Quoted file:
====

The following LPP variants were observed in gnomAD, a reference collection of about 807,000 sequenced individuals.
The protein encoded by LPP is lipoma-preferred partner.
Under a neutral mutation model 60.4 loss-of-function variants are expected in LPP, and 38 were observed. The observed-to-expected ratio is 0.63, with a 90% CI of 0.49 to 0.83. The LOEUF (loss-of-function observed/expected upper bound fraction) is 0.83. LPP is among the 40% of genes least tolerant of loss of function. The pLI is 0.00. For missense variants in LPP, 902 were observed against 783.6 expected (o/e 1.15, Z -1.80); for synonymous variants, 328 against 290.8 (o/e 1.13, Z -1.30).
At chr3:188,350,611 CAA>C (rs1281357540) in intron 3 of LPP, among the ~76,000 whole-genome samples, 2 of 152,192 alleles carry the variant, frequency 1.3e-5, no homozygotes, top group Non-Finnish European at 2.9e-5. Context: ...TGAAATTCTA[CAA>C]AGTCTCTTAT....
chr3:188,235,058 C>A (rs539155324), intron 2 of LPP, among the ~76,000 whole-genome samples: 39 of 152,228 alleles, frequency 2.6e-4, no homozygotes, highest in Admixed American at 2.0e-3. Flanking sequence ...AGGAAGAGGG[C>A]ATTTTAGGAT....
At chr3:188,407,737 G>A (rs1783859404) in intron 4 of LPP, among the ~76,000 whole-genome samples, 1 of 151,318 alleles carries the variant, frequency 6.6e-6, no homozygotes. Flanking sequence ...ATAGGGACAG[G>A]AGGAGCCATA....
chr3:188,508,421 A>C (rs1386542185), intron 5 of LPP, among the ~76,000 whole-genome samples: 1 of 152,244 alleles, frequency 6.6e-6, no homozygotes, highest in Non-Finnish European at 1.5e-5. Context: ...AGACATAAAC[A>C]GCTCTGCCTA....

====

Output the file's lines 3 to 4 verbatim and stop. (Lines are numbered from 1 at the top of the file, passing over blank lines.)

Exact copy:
Under a neutral mutation model 60.4 loss-of-function variants are expected in LPP, and 38 were observed. The observed-to-expected ratio is 0.63, with a 90% CI of 0.49 to 0.83. The LOEUF (loss-of-function observed/expected upper bound fraction) is 0.83. LPP is among the 40% of genes least tolerant of loss of function. The pLI is 0.00. For missense variants in LPP, 902 were observed against 783.6 expected (o/e 1.15, Z -1.80); for synonymous variants, 328 against 290.8 (o/e 1.13, Z -1.30).
At chr3:188,350,611 CAA>C (rs1281357540) in intron 3 of LPP, among the ~76,000 whole-genome samples, 2 of 152,192 alleles carry the variant, frequency 1.3e-5, no homozygotes, top group Non-Finnish European at 2.9e-5. Context: ...TGAAATTCTA[CAA>C]AGTCTCTTAT....